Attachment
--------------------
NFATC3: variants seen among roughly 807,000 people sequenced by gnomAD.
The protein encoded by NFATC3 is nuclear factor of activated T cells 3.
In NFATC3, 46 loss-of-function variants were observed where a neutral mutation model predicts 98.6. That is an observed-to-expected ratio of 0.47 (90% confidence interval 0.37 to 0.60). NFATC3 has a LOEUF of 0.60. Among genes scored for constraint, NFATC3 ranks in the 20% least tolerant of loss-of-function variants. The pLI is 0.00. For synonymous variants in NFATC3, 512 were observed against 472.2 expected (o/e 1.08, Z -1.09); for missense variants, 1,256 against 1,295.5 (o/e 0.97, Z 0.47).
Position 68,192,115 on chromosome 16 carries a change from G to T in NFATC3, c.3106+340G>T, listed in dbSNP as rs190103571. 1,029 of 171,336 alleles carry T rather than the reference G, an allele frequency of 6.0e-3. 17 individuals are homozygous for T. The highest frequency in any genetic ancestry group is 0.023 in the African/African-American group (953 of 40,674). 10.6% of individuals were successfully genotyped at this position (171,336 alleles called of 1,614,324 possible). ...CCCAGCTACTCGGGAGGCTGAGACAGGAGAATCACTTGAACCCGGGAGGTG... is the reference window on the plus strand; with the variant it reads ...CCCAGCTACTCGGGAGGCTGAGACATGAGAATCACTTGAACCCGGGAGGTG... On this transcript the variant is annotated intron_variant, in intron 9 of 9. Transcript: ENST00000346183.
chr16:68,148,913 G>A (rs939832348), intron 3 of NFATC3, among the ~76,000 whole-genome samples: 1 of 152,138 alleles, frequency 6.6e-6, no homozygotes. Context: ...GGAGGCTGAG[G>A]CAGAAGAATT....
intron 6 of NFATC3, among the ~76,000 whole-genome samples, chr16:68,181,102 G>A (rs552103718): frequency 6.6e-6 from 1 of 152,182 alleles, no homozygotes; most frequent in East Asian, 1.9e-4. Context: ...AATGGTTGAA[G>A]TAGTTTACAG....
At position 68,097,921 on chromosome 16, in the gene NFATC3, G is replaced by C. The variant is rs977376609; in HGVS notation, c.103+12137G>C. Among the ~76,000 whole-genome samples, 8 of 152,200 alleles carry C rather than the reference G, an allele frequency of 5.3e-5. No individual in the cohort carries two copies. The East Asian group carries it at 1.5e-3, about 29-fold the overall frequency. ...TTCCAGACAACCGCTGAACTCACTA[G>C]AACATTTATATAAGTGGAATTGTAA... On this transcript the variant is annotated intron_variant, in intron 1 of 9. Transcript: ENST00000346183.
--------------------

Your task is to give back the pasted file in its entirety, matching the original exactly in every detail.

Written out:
NFATC3: variants seen among roughly 807,000 people sequenced by gnomAD.
The protein encoded by NFATC3 is nuclear factor of activated T cells 3.
In NFATC3, 46 loss-of-function variants were observed where a neutral mutation model predicts 98.6. That is an observed-to-expected ratio of 0.47 (90% confidence interval 0.37 to 0.60). NFATC3 has a LOEUF of 0.60. Among genes scored for constraint, NFATC3 ranks in the 20% least tolerant of loss-of-function variants. The pLI is 0.00. For synonymous variants in NFATC3, 512 were observed against 472.2 expected (o/e 1.08, Z -1.09); for missense variants, 1,256 against 1,295.5 (o/e 0.97, Z 0.47).
Position 68,192,115 on chromosome 16 carries a change from G to T in NFATC3, c.3106+340G>T, listed in dbSNP as rs190103571. 1,029 of 171,336 alleles carry T rather than the reference G, an allele frequency of 6.0e-3. 17 individuals are homozygous for T. The highest frequency in any genetic ancestry group is 0.023 in the African/African-American group (953 of 40,674). 10.6% of individuals were successfully genotyped at this position (171,336 alleles called of 1,614,324 possible). ...CCCAGCTACTCGGGAGGCTGAGACAGGAGAATCACTTGAACCCGGGAGGTG... is the reference window on the plus strand; with the variant it reads ...CCCAGCTACTCGGGAGGCTGAGACATGAGAATCACTTGAACCCGGGAGGTG... On this transcript the variant is annotated intron_variant, in intron 9 of 9. Transcript: ENST00000346183.
chr16:68,148,913 G>A (rs939832348), intron 3 of NFATC3, among the ~76,000 whole-genome samples: 1 of 152,138 alleles, frequency 6.6e-6, no homozygotes. Context: ...GGAGGCTGAG[G>A]CAGAAGAATT....
intron 6 of NFATC3, among the ~76,000 whole-genome samples, chr16:68,181,102 G>A (rs552103718): frequency 6.6e-6 from 1 of 152,182 alleles, no homozygotes; most frequent in East Asian, 1.9e-4. Context: ...AATGGTTGAA[G>A]TAGTTTACAG....
At position 68,097,921 on chromosome 16, in the gene NFATC3, G is replaced by C. The variant is rs977376609; in HGVS notation, c.103+12137G>C. Among the ~76,000 whole-genome samples, 8 of 152,200 alleles carry C rather than the reference G, an allele frequency of 5.3e-5. No individual in the cohort carries two copies. The East Asian group carries it at 1.5e-3, about 29-fold the overall frequency. ...TTCCAGACAACCGCTGAACTCACTA[G>C]AACATTTATATAAGTGGAATTGTAA... On this transcript the variant is annotated intron_variant, in intron 1 of 9. Transcript: ENST00000346183.